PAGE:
After 10 conference titles, more than 80 league wins, an infamous season of forfeits and numerous blowouts, the Archbishop Murphy football team’s 16-year reign of dominance over the Cascade Conference is finished — and so is the league itself.
Now the six schools that make up the newly formed 1A North Sound Conference — Cedar Park Christian, Coupeville, King’s, Granite Falls, South Whidbey and Sultan — enter the league’s inaugural season with hope for competitive balance that eluded the former league for the majority of the past 16 years.
“I talked to my boys this morning about it,” South Whidbey coach Mark Hodson said Tuesday. “I said, ‘With how this conference is put together, we truly do have a chance to win every game. We have a chance to be competitive.”
That’s a sentiment that’s been echoed by many coaches throughout the league.
“From a student-athlete standpoint, I think they’re all excited about, ‘Hey, we may be there to have an opportunity to play for a league championship,’” second-year Sultan coach Jim Wright said. “I think every team in the league can say that.”
That wasn’t the case in the Cascade Conference for the majority of the past 16 years.
With the exception of the 2007 season (when the Wildcats went undefeated in conference play and had to forfeit all but two conference games because of a player playing without an up-to-date physical) and a three-year stretch from 2012-2014 in which the Wildcats lost eight conference games and didn’t win a league title, Archbishop Murphy lost only one game to Cascade Conference foes since joining the conference in 2002.
The loss came in 2011 to Lakewood, which was led by a senior quarterback who set school records and accepted a scholarship to a Division-I Football Championship Subdivision school. The Wildcats went 82-9 in league play from 2004-2018 (including the wins they lost from the 2007 forfeits) and 71-1 in seasons that didn’t coincide with their three-year slump.
“I think anyone that’s played (in the Cascade Conference knows) it was always about Archbishop,” said King’s coach Jim Shapiro, who’s in his 22nd year at the helm of the Knights program. “You have to play perfect, you have to stay healthy. There was a short window of time where Lakewood High School and King’s gave them a run for their money.”
Now, without the looming juggernaut penciled into the No. 1 spot of preseason conference favorites, the question is: Who will prevail in a wide-open league that features five of six coaches coaches in their first or second consecutive year with their program?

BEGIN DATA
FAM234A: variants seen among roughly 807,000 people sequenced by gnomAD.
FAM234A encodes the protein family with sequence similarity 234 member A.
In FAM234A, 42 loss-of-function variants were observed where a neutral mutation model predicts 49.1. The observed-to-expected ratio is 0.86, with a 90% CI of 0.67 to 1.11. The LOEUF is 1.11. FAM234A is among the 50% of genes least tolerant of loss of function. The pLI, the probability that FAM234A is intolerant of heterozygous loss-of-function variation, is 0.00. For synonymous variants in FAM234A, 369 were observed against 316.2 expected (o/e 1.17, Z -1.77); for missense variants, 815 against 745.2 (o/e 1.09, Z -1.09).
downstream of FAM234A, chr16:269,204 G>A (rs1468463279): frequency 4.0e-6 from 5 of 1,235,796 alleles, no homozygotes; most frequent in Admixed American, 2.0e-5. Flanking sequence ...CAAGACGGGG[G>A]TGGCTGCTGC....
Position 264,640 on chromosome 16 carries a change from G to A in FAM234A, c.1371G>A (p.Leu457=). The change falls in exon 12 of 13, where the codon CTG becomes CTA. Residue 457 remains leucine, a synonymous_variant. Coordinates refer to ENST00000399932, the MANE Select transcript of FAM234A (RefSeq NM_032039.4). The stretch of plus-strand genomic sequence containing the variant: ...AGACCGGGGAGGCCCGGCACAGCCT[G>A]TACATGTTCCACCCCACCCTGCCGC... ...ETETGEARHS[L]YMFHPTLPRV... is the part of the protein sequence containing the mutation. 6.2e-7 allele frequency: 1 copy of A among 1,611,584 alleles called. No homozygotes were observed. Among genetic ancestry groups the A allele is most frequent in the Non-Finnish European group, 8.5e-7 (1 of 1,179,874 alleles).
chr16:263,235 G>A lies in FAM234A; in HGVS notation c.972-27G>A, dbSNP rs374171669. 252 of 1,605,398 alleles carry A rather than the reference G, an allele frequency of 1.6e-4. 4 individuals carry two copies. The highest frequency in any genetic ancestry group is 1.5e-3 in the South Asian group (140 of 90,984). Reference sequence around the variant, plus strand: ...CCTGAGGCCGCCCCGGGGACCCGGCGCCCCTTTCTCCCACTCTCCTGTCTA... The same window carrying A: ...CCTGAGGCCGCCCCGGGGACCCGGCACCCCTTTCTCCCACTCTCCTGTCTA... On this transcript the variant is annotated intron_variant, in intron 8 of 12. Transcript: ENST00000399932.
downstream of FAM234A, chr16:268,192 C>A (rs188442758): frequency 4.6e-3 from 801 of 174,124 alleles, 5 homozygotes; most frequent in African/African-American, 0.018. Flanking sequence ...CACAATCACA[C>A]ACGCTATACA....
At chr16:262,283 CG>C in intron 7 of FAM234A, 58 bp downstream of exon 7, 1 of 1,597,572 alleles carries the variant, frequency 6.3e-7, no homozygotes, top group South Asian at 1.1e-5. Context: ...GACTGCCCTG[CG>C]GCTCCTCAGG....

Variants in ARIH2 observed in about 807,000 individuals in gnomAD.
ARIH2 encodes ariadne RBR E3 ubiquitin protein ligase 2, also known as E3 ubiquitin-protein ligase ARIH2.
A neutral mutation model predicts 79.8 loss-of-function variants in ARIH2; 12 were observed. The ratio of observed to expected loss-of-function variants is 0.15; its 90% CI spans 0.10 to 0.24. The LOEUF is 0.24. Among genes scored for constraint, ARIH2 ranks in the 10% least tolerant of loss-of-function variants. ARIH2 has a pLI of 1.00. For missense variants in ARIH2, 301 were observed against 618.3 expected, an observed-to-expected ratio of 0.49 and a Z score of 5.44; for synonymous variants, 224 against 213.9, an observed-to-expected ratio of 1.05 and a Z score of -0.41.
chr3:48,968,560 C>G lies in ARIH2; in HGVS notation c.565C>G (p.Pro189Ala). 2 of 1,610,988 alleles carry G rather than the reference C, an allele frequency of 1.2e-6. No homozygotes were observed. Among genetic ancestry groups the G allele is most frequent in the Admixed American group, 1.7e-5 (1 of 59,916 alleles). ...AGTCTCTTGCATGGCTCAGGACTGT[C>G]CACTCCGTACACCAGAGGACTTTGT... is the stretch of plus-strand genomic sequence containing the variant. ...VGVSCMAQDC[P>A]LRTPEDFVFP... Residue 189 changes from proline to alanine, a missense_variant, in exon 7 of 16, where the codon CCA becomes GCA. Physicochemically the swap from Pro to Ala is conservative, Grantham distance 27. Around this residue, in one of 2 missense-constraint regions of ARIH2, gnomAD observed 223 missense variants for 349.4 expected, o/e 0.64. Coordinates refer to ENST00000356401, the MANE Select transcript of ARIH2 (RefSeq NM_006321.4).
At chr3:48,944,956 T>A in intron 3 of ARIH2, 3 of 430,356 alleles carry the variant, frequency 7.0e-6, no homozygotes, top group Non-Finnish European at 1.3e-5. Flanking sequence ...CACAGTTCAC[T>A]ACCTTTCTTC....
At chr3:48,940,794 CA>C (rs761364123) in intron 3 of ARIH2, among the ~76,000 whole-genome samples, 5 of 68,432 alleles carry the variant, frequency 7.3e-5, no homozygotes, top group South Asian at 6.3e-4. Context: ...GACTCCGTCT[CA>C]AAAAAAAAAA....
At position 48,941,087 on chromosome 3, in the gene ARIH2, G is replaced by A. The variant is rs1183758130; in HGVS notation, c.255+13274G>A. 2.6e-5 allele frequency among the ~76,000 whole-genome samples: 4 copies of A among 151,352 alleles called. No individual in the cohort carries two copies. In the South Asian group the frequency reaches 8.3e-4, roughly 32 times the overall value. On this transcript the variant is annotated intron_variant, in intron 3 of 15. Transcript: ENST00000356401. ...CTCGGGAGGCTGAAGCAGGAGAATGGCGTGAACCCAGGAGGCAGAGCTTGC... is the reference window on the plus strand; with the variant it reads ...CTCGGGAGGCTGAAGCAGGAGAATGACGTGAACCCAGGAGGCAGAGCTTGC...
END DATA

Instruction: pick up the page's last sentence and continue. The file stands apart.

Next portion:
The answers vary.
“If we’re talking about who’s going to come in first, I’d have to say Cedar Park Christian,” Wright said, “just because (of) the coaching staff and what they were able to accomplish last year. They didn’t win every game, but you could see that they (had) a young team, too, (and) how disciplined they are. With coach Goncharoff there, you have to say they’re going to be even better. The Wing-T they were running last year had some glitches. I’m sure they’re going to have those worked out.”
Wright added that the addition of South Whidbey, which returns to league play after playing an independent schedule in 2017, and Coupeville adds an unknown element.
“With the league all juggled up, I don’t know what South Whidbey is going to bring to the table, or Coupeville,” Wright said, “but I know their coaches are pretty excited about this year.”
Shapiro lauded Wright’s squad.
“I think my eye is on Sultan. I think Jim Wright has done a very exceptional job up there,” Shapiro said. “What I saw from Sultan was a very good, athletic group of kids.”
Other coaches don’t see a clear frontrunner.
“In my opinion, I think everybody’s got an equal opportunity to win the league,” said first-year Coupeville coach Marcus Carr, who leads a team that rejoins many of its former Cascade Conference peers after leaving the league following the 2013-2014 school year. “I don’t think there’s any clear-cut favorites.”
That thought has stimulated enthusiasm around these small-school programs that have had to settle for a run for second place in years past.
“It gives the whole community a sense of, ‘OK, we’re playing in a league where it’s competitive. Everybody has a chance to go out there and win,’” Wright said. “You get a little more excitement and a little more buzz about going out there and having a chance of competing for a league championship.”
Besides King’s, which won conference titles in 2012 and 2014, none of the six schools in the new conference have won a league title since the turn of the century. Cedar Park Christian, which started its program in 2005, has never won one.
The last time one of the league’s public schools took home a conference crown was 1990, the same year one-hit-wonder Vanilla Ice dropped his hit single “Ice Ice Baby.” Granite Falls and Coupeville were champions that year.
South Whidbey is 31 years removed from its 1987 conference title, and Sultan’s 45-year league championship drought (1973) is older than all but one National Football League player — Indianapolis Colts kicker Adam Vinatieri.
So yes, there’s reason for excitement.
“To truly have some equality and balance is fun,” Shapiro said. “I think as a 16- or 17-year-old kid, that’s what you want. You want to go out there, you want to have some fun, you want to know that every Friday night that if you compete you have a chance. I think this league really brings that.”